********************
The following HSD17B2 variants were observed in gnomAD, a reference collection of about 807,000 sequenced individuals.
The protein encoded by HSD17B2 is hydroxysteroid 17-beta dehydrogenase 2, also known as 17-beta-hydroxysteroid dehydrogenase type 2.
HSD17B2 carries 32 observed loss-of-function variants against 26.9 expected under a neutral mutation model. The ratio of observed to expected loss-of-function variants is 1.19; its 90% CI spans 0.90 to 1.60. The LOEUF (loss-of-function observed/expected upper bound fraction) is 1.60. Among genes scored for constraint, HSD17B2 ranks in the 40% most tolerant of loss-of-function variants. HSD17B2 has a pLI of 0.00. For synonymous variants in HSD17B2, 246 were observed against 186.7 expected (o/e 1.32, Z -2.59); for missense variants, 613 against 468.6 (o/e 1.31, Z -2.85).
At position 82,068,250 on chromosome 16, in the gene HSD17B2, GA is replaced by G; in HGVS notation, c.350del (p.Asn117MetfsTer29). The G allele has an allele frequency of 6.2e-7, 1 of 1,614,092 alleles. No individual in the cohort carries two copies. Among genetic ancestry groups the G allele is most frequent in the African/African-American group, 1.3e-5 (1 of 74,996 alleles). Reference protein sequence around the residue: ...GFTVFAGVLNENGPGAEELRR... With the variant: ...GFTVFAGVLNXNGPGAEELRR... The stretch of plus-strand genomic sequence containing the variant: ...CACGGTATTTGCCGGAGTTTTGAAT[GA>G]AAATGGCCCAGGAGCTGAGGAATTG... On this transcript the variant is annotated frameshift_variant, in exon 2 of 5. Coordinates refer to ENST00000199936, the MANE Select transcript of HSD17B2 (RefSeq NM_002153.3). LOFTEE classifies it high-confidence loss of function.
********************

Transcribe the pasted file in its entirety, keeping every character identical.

The following HSD17B2 variants were observed in gnomAD, a reference collection of about 807,000 sequenced individuals.
The protein encoded by HSD17B2 is hydroxysteroid 17-beta dehydrogenase 2, also known as 17-beta-hydroxysteroid dehydrogenase type 2.
HSD17B2 carries 32 observed loss-of-function variants against 26.9 expected under a neutral mutation model. The ratio of observed to expected loss-of-function variants is 1.19; its 90% CI spans 0.90 to 1.60. The LOEUF (loss-of-function observed/expected upper bound fraction) is 1.60. Among genes scored for constraint, HSD17B2 ranks in the 40% most tolerant of loss-of-function variants. HSD17B2 has a pLI of 0.00. For synonymous variants in HSD17B2, 246 were observed against 186.7 expected (o/e 1.32, Z -2.59); for missense variants, 613 against 468.6 (o/e 1.31, Z -2.85).
At position 82,068,250 on chromosome 16, in the gene HSD17B2, GA is replaced by G; in HGVS notation, c.350del (p.Asn117MetfsTer29). The G allele has an allele frequency of 6.2e-7, 1 of 1,614,092 alleles. No individual in the cohort carries two copies. Among genetic ancestry groups the G allele is most frequent in the African/African-American group, 1.3e-5 (1 of 74,996 alleles). Reference protein sequence around the residue: ...GFTVFAGVLNENGPGAEELRR... With the variant: ...GFTVFAGVLNXNGPGAEELRR... The stretch of plus-strand genomic sequence containing the variant: ...CACGGTATTTGCCGGAGTTTTGAAT[GA>G]AAATGGCCCAGGAGCTGAGGAATTG... On this transcript the variant is annotated frameshift_variant, in exon 2 of 5. Coordinates refer to ENST00000199936, the MANE Select transcript of HSD17B2 (RefSeq NM_002153.3). LOFTEE classifies it high-confidence loss of function.